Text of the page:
The three most important parts of a book are: a well constructed plot, compelling characters, and a satisfying conclusion.

Monday, February 3, 2014

VALLEY FORGE by Newt Gingrich and William R Forstchen

Valley Forge by Newt GingrichPublisher:  Thomas Dunne Books
Release Date:  November 2010
Pages:  464
REVIEWED BY WC

About the Book:  In To Try Men's Souls, New York Times bestselling authors Newt Gingrich and William R. Forstchen cast a new light on the year 1776 and the man who would become the father of our nation, George Washington.Valley Forge picks up the narrative a year after Washington’s triumphant surprise attack on Trenton, and much has changed since then.

It’s the winter of 1777, and Washington’s battered, demoralized army retreats from Philadelphia. Arriving at Valley Forge, they discover that their repeated requests for a stockpile of food, winter clothing, and building tools have been ignored by Congress. With no other options available, the men settle down for a season of agony. For weeks the dwindling army freezes under tents in the bitter cold. Food runs out. Disease festers. The men are on the point of collapse, while in Philadelphia the British, joined by Allen van Dorn, the Loyalist brother of the dead patriot, Jonathan van Dorn, live in luxury.

In spite of the suffering and deceit, Washington endures all, joined at last by a volunteer from Germany, Baron Friederich von Steuben. With precious few supplies and even less time, von Steuben begins the hard task of recasting the army as a professional fighting force capable of facing the British head-on—something it has never accomplished before—and in the process he changing the course of history.   

Valley Forge is a compelling, meticulously researched tour-de-force novel about endurance, survival, transformation, and rebirth. It chronicles the unique crucible of time and place where Washington and his Continental Army, against all odds, were forged into a fighting force that would win a revolution and found the United States of America.

WC's Review:  Newt Gingrich and William R Forstchen have outdone themselves with this remarkable tale of the trials and tribulations of the greatest man in American history. For without the dogged perseverance of this relentless warrior during the 1777-78 winter at Valley Forge in Pennsylvania, we Americans would be extending our pinkies while drinking a spot of tea.

Hassled by a powerless and broke congress, penniless colonies, betrayal from subordinate generals, and many Tories in New York and Philadelphia, Washington battles disfavor, the weather, untrained soldiers, and desertion, for the cause of liberty from the tyranny of King George of Great Britain. Such a leader and genuine American does not today exist.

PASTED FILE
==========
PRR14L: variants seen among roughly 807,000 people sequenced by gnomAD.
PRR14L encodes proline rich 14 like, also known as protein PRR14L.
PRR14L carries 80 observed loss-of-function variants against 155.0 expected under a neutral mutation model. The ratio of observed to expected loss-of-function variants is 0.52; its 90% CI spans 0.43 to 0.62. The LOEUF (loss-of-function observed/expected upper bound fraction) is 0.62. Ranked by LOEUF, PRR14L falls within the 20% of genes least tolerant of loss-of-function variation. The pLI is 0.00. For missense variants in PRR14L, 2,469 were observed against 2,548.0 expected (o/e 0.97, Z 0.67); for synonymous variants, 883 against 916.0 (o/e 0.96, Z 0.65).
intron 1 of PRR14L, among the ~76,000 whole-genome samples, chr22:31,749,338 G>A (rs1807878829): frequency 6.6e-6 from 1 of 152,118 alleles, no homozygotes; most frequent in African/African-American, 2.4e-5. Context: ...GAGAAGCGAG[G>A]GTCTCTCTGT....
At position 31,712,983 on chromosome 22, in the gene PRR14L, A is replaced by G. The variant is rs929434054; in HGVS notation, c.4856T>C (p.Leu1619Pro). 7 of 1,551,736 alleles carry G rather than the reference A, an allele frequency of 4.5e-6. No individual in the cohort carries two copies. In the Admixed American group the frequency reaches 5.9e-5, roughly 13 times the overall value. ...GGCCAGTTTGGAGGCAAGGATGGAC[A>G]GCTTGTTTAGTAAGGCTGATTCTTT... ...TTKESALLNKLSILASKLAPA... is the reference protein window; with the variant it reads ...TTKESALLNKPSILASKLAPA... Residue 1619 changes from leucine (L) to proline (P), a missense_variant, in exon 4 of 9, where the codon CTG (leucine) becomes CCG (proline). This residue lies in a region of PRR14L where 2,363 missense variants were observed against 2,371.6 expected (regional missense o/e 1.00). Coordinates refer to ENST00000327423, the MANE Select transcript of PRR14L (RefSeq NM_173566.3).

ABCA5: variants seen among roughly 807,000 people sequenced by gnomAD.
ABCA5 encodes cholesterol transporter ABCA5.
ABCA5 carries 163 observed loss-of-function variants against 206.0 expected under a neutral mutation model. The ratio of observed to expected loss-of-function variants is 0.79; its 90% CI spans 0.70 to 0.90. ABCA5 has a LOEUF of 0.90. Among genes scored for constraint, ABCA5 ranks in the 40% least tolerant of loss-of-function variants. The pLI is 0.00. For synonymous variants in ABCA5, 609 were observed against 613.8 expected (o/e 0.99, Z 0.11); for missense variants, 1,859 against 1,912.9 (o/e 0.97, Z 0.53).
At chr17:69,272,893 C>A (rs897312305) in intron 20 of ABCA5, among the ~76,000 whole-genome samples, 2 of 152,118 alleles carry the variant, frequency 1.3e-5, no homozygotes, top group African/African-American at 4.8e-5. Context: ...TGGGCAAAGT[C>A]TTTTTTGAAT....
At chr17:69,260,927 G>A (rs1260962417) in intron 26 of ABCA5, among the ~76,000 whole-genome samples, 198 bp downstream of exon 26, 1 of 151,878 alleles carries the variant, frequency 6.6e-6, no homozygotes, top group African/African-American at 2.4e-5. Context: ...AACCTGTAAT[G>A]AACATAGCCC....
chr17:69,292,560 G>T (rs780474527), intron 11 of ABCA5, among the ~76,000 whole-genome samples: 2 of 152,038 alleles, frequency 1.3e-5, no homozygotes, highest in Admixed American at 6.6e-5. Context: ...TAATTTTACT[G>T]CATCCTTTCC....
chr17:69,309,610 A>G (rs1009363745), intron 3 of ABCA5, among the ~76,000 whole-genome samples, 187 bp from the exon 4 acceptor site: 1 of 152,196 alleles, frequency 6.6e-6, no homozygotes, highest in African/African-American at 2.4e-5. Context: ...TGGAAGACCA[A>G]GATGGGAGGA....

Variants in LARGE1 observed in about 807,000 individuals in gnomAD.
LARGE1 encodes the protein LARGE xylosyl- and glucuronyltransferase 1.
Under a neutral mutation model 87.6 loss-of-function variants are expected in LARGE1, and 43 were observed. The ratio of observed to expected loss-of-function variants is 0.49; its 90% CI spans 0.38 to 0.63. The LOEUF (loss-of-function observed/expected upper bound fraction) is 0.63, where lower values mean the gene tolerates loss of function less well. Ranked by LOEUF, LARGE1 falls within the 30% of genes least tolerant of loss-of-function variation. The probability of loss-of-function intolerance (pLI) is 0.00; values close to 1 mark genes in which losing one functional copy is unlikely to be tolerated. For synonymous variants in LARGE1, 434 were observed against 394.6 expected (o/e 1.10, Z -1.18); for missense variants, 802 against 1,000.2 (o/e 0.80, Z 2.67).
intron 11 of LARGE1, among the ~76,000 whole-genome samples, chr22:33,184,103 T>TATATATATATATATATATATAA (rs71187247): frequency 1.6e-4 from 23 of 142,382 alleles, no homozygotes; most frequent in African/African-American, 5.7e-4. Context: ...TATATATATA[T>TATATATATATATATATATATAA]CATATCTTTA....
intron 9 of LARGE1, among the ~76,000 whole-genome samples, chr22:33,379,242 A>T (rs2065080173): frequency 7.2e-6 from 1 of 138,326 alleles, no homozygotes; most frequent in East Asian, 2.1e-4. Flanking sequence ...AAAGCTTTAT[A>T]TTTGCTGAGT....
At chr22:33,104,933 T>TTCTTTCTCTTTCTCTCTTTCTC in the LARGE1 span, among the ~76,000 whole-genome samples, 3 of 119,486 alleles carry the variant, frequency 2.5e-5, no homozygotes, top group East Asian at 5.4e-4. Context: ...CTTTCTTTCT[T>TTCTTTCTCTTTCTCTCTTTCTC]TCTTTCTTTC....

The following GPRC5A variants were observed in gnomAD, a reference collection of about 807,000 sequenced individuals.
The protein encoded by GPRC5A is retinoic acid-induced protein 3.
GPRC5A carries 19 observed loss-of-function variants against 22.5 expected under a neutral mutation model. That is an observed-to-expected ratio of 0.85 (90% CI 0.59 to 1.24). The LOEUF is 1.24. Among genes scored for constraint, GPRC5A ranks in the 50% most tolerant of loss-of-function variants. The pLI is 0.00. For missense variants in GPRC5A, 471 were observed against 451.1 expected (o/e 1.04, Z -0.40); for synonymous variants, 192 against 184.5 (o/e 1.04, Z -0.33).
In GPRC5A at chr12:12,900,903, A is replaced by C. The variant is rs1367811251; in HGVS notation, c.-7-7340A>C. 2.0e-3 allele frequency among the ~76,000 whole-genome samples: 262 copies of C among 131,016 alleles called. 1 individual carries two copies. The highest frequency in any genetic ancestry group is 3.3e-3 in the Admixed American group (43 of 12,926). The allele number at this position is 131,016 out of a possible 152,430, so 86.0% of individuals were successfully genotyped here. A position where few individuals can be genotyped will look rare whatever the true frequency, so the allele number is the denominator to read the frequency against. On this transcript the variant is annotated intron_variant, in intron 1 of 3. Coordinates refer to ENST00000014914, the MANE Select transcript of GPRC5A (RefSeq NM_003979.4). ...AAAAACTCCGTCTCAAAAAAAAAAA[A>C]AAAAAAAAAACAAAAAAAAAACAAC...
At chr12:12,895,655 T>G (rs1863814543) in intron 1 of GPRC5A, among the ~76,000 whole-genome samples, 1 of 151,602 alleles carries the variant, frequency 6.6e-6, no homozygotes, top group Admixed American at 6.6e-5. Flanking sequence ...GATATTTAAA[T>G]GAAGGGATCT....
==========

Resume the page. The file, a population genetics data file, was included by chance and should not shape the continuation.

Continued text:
Authors Gingrich and Forstchen delve into the characters and minds of LaFayette, Nathanael Greene, and Mad Anthony Wayne, among other lesser known patriots of the revolution, both men and women. Young Peter Wellesley is an inspiration, as is Daniel Morgan with his sharpshooters.

Another hero emerges in March of 1778 when Baron von Steuben from Germany shows up to offer his expertise in training and reshaping the survivors of Valley Forge into a viable fighting force. His efforts are soon rewarded at the Battle of Monmouth in New Jersey on June 20 where the revamped colonial army tangles with British forces under the leadership of Sir William Clinton.

Intriguing are the actions and thoughts of British loyalist Allen van Dorn and his mentor, the flamboyant British officer John Andre, aided, no less, by the elegance and flirtatious behavior of two local ladies.

Even with only a smattering of knowledge about the valiant efforts of Washington and von Steuben, this is a must read if the reader desires to obtain an understanding of America's beginning.
Newt Gingrich
About the Author:  Newton Leroy "Newt" Gingrich (born Newton Leroy McPherson) is an American politician who served as the Speaker of the United States House of Representatives from 1995 to 1999. In 1995, Time magazine selected him as the Person of the Year for his role in leading the Republican Revolution in the House, ending 40 years of the Democratic Party being in the majority. During his tenure as Speaker, he represented the public face of the Republican opposition to Bill Clinton.

A college history professor, political leader, and author, Gingrich twice ran unsuccessfully for the House before winning a seat in the election of November 1978. He was re-elected ten times, and his activism as a member of the House's Republican minority eventually enabled him to succeed Dick Cheney as House Minority Whip in 1989. As a co-author of the 1994 Contract with America, Gingrich was in the forefront of the Republican Party's dramatic success in that year's Congressional elections and subsequently was elected Speaker of the House. Gingrich's leadership in Congress was marked by opposition to many of the policies of the Clinton Administration. Shortly after the 1998 elections, when Republicans lost five seats in the House, Gingrich announced his resignation from his House seat and as Speaker.

Since resigning his seat, Gingrich has maintained a career as a political analyst and consultant. He continues to write works related to government and other subjects, such as historical fiction. Recently, he founded the conservative 527 group American Solutions for Winning the Future.